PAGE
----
• The private sector has so far hesitated investing in cold chains and storage facilities for perishable items as most of these commodities are under the ambit of the EC Act, and can attract sudden stock limits.


  1. Iceland Announces Plan to End Whaling in 2024 (TH, pg 11)

  • Context:Iceland will bring an end to its commercial whaling practices by 2024 due to dwindling economic benefits.


  • Iceland is one of the only countries that allow commercial whaling, along with Norway and Japan.
  • The practice frequently draws the attention and anger of environmentalists and animal rights activists.
  • One of the favored targets, the fin whale — which is only second in size to the blue whale — is an endangered species.
  • Icelandic whalers have seen little activity in the past three years, with only one whale being killed during that timeframe.
  • Japan’s return to whaling in 2019, after a 30-year hiatus, decreased the demand for Icelandic-caught whales in the Asian country.
  • The loss of this key market meant Iceland’s whalers have found it increasingly difficult to justify the costs of an expedition.
  • A no-fishing coastal zone has also meant that the few boats that still make the trip are having to travel further into the Atlantic Ocean, raising costs.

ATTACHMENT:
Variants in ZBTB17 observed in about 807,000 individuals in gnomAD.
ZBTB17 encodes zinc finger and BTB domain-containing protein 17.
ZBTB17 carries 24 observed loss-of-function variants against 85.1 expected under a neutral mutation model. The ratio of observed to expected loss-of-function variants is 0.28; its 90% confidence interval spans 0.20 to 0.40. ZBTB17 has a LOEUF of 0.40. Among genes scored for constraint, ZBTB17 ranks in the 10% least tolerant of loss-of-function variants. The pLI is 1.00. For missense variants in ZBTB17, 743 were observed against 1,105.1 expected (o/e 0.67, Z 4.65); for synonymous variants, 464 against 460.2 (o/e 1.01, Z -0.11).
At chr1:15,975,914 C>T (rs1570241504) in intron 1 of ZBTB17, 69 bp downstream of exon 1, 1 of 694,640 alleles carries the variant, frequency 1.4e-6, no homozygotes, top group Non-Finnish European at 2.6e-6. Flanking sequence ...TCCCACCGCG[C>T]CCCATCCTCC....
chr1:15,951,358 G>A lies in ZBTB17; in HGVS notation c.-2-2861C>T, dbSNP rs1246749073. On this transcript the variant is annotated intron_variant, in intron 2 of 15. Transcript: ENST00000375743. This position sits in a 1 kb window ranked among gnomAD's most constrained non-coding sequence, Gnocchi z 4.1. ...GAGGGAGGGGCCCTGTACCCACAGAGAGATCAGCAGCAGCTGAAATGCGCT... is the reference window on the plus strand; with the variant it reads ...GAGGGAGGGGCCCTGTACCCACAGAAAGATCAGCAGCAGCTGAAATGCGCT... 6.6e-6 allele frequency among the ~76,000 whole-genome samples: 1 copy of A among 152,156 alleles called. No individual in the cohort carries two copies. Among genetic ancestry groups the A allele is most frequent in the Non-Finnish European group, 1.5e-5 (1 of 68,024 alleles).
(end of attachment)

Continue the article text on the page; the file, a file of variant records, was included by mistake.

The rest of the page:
• Norway has had a similar experience, with fewer whalers and smaller catches.
  • At the same time, Iceland has seen a boom in its tourist industry as hundreds of thousands flock to witness the creatures swim in the waters off the Atlantic Island.
  1. Golden Langur(TH, pg 8)

  • Context:Neighbours of a golden langur habitat in western Assam’s Bongaigaon district have opposed a move by the State government to upgrade it to a wildlife sanctuary.


  • Kakoijana Reserve Forest is one of the better-known homes of the golden langur (Trachypithecus geei) found only in Assam and Bhutan and a Schedule-I species under the Wildlife Protection Act of 1972.
  • It is listed as among the world’s 25 most endangered primates.

In News: June 2020

Golden Langurs suffer forced abortion, infanticide (The Hindu)

  • An endangered species of monkey, found only in Assam and parts of Bhutan, has a far-from-golden trait — forced abortion.
  • The Gee’s golden langur, endemic to the semi-evergreen and mixed-deciduous forests straddling India and Bhutan, induce stillbirth of babies killed inside the womb of females, besides practising infanticide.
  • Forced abortion and infanticide happen when a new male takes over. He often kills the baby of a lactating female or hits the abdomen of a female impregnated by the deposed male till the point of abortion.
  • Chakrashila is India’s first wildlife sanctuary with golden langur as the primary species.


  1. New Era Relations between China and Russia (TH, pg 11)

  • Context: China and Russia on Friday outlined a sweeping vision for the future of their already close relations as their two leaders met in Beijing in the backdrop of Beijing Olympics.


  • Their joint statement said both sides “remain highly vigilant about the negative impact of the United States’ Indo-Pacific strategy on peace and stability in the region” and called for “building an equitable, open and inclusive security system in the Asia-Pacific Region (APR)”. Both China and Russia do not use the term “Indo-Pacific”.
  • The two sides said they “stand against the formation of closed bloc structures and opposing camps in the Asia-Pacific region”.
  • Chinese experts have sometimes referred to the U.S., India, Australia, Japan Quad as a “closed” group.